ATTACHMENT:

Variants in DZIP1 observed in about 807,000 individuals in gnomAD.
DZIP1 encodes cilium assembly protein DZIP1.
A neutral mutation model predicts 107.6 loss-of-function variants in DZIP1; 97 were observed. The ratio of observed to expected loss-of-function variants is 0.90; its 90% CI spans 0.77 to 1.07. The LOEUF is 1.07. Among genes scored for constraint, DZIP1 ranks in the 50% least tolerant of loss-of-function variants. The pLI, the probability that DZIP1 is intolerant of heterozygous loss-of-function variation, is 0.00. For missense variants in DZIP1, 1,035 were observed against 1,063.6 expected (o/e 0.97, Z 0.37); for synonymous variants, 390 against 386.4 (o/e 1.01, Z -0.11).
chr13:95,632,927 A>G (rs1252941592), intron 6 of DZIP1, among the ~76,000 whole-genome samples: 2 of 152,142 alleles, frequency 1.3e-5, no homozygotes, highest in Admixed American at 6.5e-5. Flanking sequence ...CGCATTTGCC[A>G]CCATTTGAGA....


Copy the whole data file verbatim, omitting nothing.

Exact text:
Variants in DZIP1 observed in about 807,000 individuals in gnomAD.
DZIP1 encodes cilium assembly protein DZIP1.
A neutral mutation model predicts 107.6 loss-of-function variants in DZIP1; 97 were observed. The ratio of observed to expected loss-of-function variants is 0.90; its 90% CI spans 0.77 to 1.07. The LOEUF is 1.07. Among genes scored for constraint, DZIP1 ranks in the 50% least tolerant of loss-of-function variants. The pLI, the probability that DZIP1 is intolerant of heterozygous loss-of-function variation, is 0.00. For missense variants in DZIP1, 1,035 were observed against 1,063.6 expected (o/e 0.97, Z 0.37); for synonymous variants, 390 against 386.4 (o/e 1.01, Z -0.11).
chr13:95,632,927 A>G (rs1252941592), intron 6 of DZIP1, among the ~76,000 whole-genome samples: 2 of 152,142 alleles, frequency 1.3e-5, no homozygotes, highest in Admixed American at 6.5e-5. Flanking sequence ...CGCATTTGCC[A>G]CCATTTGAGA....